Breaking Down Why the NFL Should Still Fear Ed Reed

Chris TrapassoAnalyst IMarch 21, 2013

FOXBORO, MA - JANUARY 20:  Ed Reed #20 of the Baltimore Ravens celebrates after a play against the New England Patriots during the 2013 AFC Championship game at Gillette Stadium on January 20, 2013 in Foxboro, Massachusetts.  (Photo by Jared Wickerham/Getty Images)
Jared Wickerham/Getty Images

As is the case with just about every NFL player nearing his 35th birthday, Ed Reed is past his prime, but that doesn't mean his intimidation factor has dissipated. 

It certainly still exists. 

According to CBS Sports' Jason LaCanfora, Reed has agreed to terms with the Houston Texans, although the deal has yet to be made official by the team.

Future Hall of Fame safety Ed Reed has agreed to terms with the Texans, ending his Ravens career.

— Jason La Canfora (@JasonLaCanfora) March 20, 2013

Reed finished the 2012 regular season with 58 combined tackles, his highest total since 2006, when he accumulated 60 takedowns. 

He also reeled in four interceptions. 

Going beyond the elementary tackle statistics and interception numbers, ProFootballFocus (subscription required) rated Reed as a top-20 coverage safety last season, despite overwhelming criticism that Reed was no longer a stalwart in that phase of the game.

Let's break down why this future Hall of Fame safety should still strike fear into his opponents, especially quarterbacks.

Reed missed more tackles in 2012 than normal, but he has always made his greatest impact as an instinctive ball hawk whose anticipation skills lead to game-changing interceptions.

Though his burst in and out of breaks no longer matches his quick decision-making skills, Reed can still cover ground when he's locked on to the football.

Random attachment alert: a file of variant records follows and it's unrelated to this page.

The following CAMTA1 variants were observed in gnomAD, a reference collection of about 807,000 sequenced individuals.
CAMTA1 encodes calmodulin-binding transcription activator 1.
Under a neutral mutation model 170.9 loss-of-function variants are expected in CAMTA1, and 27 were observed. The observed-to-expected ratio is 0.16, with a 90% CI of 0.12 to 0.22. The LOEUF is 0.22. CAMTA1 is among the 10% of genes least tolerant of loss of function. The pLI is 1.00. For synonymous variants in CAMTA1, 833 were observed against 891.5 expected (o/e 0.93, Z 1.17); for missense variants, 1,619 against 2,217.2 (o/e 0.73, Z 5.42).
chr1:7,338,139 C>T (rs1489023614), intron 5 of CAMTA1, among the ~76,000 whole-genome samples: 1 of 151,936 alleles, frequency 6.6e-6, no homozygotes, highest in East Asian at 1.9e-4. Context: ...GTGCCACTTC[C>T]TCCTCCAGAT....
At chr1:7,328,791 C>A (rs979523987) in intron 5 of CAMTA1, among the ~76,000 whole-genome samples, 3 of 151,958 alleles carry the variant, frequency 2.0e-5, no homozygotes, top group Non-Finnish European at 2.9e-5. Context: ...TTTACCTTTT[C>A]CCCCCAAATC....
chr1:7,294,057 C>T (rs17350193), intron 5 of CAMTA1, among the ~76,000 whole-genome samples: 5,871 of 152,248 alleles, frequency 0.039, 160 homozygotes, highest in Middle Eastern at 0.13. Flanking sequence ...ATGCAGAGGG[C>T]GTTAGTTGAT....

At the late stages of a Week 9 game against the Cleveland Browns, Reed demonstrated his legendary closing speed that, surprisingly, is still quite impressive. 

At the snap, Reed followed quarterback Brandon Weeden's eyes to the middle of the field from his initial spot as the right deep safety. 

As Weeden scanned that side of the field and couldn't find an open receiver, he panicked and attempted to leave the pocket while looking for Travis Benjamin down the left sideline. 

After Cary Williams released Benjamin in this Cover 2 look, Reed was about 20 yards away from the wideout in the middle of the field, facing the wrong direction, with all of his momentum taking him toward the other sideline. 

Weeden stumbled, but saw no defender near Benjamin as he released the pass. 

Reed quickly stopped and pivoted and took the perfect angle to meet the ball before it could get to the receiver. 

It was almost as if Reed knew precisely where Benjamin was behind his back.

Sure, the pass was slightly underthrown, but even if it were on the money, Reed would have been there to knock it down. 

As usual, Reed not only got into the right position swiftly, but he also finished the play, making an interception that showcased his amazing body control and ball skills. 

He is somewhat of a freelancer, which occasionally gets him into trouble, but it's also what helps him make huge plays out of nowhere. 

Also, even when Reed wasn't intercepting passes in 2012, he was making plays on the football that resulted in incompletions. 

Here's a look at how Reed compared to some of the top safeties in the game based on passes defended and other critical coverage statistics:

Name Targets QB Rating Vs. Completion % Passes Defended
Eric Berry 63 107.2  63.5
Ed Reed 32 86.1 59.4 7
Glover Quin 65 95.9 55.4 7
Mark Barron 48 114.1  64.6 7

Make what you want of that table, but to me it clearly illustrates that although Reed wasn't thrown at as often, he still made as much of an impact as the other three safeties. 

However, Reed's presence in Houston goes far beyond the quantifiable. 

His fiery leadership skills, ridiculously productive resume and reputation as one of the most dangerous safeties of all time should bring a frightening aspect to the Texans secondary that simply wasn't there in 2012. 

Ed Reed isn't the total game-changer he was in the 2000s, but he undoubtedly should still be feared as the last line of defense in Houston's defense.